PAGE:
China has inked a landmark finance deal with the European Union aimed at reducing greenhouse gas emissions through various means, including the creation of its own emissions trading scheme. China then plans to link it to Europe’s existing emissions trading scheme.
The deal involves €25 million ($32 million) in funding for technical help for three waste reduction and sustainability pilot projects, including the design of China’s emissions trading system. Europe will also assist China to improve resource efficiency, reduce heavy-metal water pollution, and install sustainable waste treatment systems in its cities. In world terms, China now has higher overall emissions than the United States, and has higher per capita emissions than the EU.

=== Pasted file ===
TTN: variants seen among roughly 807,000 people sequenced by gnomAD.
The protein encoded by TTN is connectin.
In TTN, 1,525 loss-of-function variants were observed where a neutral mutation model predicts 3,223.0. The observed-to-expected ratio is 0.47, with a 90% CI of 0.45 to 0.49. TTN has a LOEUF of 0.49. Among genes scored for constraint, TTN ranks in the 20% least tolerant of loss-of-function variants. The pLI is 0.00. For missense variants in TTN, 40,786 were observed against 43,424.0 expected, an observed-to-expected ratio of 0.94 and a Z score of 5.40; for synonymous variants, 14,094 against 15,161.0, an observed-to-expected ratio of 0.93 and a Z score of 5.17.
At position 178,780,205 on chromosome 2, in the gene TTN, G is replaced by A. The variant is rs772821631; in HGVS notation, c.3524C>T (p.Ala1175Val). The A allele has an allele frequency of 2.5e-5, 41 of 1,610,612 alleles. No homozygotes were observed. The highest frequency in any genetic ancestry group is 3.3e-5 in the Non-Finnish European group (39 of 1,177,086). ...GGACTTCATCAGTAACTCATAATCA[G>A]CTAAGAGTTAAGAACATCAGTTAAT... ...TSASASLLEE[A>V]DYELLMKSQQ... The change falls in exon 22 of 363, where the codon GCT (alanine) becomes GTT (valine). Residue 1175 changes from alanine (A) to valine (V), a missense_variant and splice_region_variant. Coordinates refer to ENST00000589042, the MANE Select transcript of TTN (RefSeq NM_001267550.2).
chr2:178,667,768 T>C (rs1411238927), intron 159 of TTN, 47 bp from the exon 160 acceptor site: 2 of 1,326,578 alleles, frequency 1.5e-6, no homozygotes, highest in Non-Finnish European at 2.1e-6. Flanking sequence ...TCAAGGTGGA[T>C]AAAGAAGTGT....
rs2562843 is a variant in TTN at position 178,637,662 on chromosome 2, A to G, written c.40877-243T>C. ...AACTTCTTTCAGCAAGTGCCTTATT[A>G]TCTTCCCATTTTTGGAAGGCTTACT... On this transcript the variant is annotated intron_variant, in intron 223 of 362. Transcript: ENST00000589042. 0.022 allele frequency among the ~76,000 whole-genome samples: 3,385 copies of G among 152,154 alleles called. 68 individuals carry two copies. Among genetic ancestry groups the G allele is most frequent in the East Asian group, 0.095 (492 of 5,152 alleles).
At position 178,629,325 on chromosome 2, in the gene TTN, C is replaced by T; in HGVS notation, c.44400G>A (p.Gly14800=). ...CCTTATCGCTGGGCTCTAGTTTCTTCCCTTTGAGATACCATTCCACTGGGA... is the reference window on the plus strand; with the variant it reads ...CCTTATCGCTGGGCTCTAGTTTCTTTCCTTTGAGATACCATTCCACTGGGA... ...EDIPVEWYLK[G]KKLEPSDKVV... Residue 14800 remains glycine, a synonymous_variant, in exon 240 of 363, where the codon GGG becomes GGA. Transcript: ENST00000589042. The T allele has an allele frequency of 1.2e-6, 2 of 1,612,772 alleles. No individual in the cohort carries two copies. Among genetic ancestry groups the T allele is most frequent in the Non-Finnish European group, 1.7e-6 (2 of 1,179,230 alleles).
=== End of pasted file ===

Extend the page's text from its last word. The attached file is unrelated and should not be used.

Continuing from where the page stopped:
In what now appears to be a growing trend, Australia and the EU recently agreed to link emissions trading schemes by 2018. The possibility also exists for California to link its emerging cap and trade (emissions trading) scheme.
Are we seeing the early shoots of a global emissions trading scheme beginning to show themselves? And in related and promising news, between 2011 and 2012, the EU’s carbon emissions fell by 2.5%. This reduction situates the EU at 17.5% below 1990 levels.